A national telephone consulting service helped U.S. military veterans who believed they had mesothelioma gain timely access to experts in Boston who could treat them as well as any mesothelioma center in the country, according to a new study.
In cases where veterans were being treated for the disease locally, their travel to Boston led to many having their treatment changed, the research indicated. A key reason for the new regimens was that local doctors lacked access to surgeons with the malignant pleural mesothelioma (MPM) expertise that the Boston physicians had.
The study, “Open access phone triage for veterans with suspected malignant pleural mesothelioma,” was published in The Journal of Surgical Research.
Although malignant pleural mesothelioma (MPM) is rare, it is diagnosed in about 2,500 people a year, 88% of whom get it through exposure to asbestos. Because many veterans served in asbestos-handling occupations in the military, then did similar work upon discharge, healthcare specialists believe about 30% of new MPM patients are veterans.
In 2011, the Veterans Administration’s Boston Healthcare System started a national mesothelioma telephone consulting service for veterans who wanted MPM treatment advice.
The Boston facility, which has top mesothelioma doctors, did a review of those who used the service to obtain treatment from 2011 to 2015.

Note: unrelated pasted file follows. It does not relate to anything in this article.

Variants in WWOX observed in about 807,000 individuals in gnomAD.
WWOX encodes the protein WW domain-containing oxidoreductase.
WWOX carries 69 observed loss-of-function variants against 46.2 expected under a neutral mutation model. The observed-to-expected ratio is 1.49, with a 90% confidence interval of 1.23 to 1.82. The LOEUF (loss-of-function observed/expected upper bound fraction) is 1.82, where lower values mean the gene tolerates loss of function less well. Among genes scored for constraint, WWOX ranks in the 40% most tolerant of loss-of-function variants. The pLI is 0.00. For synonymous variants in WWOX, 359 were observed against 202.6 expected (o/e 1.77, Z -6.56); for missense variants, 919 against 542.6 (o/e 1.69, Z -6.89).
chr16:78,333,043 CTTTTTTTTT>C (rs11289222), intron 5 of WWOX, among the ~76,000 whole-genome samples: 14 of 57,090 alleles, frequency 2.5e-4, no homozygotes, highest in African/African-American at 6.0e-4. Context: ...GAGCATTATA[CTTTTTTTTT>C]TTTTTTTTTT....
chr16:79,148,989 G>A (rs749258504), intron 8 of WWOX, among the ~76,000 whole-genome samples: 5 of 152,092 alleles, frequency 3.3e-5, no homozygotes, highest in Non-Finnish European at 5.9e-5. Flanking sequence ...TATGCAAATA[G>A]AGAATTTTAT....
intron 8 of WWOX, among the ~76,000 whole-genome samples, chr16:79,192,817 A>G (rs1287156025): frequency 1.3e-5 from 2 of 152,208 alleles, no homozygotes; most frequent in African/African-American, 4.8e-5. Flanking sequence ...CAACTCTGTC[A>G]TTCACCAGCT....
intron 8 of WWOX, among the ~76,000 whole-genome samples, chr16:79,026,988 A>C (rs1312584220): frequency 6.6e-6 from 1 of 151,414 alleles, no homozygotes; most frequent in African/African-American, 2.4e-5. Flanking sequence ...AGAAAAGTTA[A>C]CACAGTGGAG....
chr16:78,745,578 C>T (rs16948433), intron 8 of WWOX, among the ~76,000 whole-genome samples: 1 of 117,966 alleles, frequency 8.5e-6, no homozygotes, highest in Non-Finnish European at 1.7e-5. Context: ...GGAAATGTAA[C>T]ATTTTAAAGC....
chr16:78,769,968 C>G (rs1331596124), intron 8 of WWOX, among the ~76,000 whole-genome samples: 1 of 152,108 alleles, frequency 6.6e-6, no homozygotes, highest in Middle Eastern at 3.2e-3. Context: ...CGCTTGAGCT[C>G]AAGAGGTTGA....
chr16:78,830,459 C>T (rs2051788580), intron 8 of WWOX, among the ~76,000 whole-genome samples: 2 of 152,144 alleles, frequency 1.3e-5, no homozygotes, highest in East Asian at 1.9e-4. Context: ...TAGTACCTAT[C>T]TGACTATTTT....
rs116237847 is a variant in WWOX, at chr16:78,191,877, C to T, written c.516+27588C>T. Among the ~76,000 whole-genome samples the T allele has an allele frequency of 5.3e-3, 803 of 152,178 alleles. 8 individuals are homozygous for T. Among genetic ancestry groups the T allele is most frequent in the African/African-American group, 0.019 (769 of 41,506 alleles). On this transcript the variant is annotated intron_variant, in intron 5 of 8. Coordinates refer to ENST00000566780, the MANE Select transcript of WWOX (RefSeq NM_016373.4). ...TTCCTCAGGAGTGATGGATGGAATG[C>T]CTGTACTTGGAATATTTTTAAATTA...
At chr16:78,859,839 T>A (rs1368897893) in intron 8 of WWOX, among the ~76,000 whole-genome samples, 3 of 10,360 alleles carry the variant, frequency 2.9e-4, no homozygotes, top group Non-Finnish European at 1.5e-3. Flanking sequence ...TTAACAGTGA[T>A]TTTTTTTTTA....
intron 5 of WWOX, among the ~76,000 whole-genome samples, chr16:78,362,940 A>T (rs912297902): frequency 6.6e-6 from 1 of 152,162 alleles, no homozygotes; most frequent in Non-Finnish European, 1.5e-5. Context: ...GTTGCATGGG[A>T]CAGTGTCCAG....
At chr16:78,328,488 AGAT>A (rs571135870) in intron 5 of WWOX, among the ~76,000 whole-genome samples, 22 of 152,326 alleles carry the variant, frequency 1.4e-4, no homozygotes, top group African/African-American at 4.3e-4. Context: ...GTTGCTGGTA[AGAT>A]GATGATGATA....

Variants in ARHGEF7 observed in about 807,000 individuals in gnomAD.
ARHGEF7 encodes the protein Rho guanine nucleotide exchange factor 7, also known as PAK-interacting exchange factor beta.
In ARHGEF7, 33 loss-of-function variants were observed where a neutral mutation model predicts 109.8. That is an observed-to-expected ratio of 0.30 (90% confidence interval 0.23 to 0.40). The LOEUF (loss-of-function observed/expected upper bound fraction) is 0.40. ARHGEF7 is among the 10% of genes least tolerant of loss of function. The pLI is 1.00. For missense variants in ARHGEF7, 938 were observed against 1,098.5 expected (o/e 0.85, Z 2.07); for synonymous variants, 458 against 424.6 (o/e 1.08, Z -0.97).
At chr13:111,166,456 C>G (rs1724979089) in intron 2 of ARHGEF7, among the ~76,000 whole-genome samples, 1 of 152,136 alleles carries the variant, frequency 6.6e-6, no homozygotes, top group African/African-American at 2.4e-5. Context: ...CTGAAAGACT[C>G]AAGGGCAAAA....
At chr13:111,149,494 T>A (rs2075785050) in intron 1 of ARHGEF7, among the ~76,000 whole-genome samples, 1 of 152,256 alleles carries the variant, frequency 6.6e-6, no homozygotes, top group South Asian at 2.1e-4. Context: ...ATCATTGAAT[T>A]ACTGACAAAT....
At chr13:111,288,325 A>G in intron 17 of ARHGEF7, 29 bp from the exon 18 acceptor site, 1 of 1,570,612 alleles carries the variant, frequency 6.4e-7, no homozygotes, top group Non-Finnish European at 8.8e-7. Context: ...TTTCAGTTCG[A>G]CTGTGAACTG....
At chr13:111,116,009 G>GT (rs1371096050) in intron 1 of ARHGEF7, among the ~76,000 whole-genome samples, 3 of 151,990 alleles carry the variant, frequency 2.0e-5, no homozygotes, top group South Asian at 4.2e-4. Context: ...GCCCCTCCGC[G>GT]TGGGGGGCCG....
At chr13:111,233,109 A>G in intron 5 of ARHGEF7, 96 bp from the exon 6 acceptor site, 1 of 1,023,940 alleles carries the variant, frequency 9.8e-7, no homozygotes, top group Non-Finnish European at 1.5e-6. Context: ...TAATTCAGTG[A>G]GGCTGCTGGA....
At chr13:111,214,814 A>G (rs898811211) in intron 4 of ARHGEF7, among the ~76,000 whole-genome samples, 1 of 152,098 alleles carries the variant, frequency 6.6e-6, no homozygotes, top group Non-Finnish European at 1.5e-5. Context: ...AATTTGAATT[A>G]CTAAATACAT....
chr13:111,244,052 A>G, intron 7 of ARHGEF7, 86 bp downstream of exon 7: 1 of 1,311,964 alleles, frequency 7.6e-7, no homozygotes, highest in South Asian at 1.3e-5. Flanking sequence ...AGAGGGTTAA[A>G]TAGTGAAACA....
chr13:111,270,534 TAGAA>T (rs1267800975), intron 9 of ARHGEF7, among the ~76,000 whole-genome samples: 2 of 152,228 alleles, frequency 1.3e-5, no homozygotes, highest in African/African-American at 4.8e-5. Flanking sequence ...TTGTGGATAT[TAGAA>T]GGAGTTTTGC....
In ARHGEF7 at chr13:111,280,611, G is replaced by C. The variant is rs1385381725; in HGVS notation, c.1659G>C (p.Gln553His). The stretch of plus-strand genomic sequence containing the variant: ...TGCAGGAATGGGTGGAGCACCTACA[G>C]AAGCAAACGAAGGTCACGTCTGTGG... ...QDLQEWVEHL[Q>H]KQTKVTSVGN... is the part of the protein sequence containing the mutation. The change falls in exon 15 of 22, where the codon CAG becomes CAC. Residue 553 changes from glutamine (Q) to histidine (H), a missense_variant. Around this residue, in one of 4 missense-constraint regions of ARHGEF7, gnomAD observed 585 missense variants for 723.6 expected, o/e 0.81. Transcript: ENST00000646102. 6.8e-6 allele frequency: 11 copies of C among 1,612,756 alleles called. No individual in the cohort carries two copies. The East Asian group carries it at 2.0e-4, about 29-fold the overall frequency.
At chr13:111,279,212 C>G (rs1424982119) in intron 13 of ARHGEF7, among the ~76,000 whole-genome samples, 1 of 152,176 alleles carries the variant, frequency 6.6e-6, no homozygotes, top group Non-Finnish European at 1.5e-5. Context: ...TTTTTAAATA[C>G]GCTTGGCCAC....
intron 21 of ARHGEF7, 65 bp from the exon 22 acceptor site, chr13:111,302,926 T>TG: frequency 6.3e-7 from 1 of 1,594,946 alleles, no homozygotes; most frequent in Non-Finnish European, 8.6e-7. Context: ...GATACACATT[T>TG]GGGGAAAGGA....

Goals of the review were to determine whether a telephone consulting service was effective, to assess whether veterans obtained timely access to mesothelioma experts regardless of where they were located, and to determine how many veterans had their treatment regimens altered in Boston.
Three-fourths of the veterans who used the phone service did so after reading about it on the internet. Only 24 percent were referred by a healthcare provider.
All 60 veterans in the study were men, with an average age of 68. The average time between the veterans’ initial phone call and a face-to-face evaluation was 14 days.
During this time, healthcare specialists collected patient data, confirmed previous patient MPM diagnoses, and excluded patients who were non-surgical candidates. The remaining 38 patients were invited to Boston, traveling an average of 997 miles.
The Boston doctors changed the treatment regimens of 71% of the patients, using International Mesothelioma Interest Group guidelines.
Twenty-one of the 38 patients’ initial treatment consisted largely of chemotherapy. Four were receiving palliative treatment to relieve symptoms but not treat the disease, and four were receiving a combination of therapies.
The Boston medical team put 29 of the patients on combination therapy. Doctors came up with entirely new diagnoses for four patients.
The study concluded that veterans with mesothelioma could obtain excellent treatment entirely within the Veterans Administration healthcare system and that the telephone consulting service helped veterans obtain timely access to treatment.
The researchers concluded that “a multidisciplinary team of experts (within the Veterans Administration system) can be assembled and motivated to deliver” the kind of care “possible only in a handful of elite teaching hospitals.”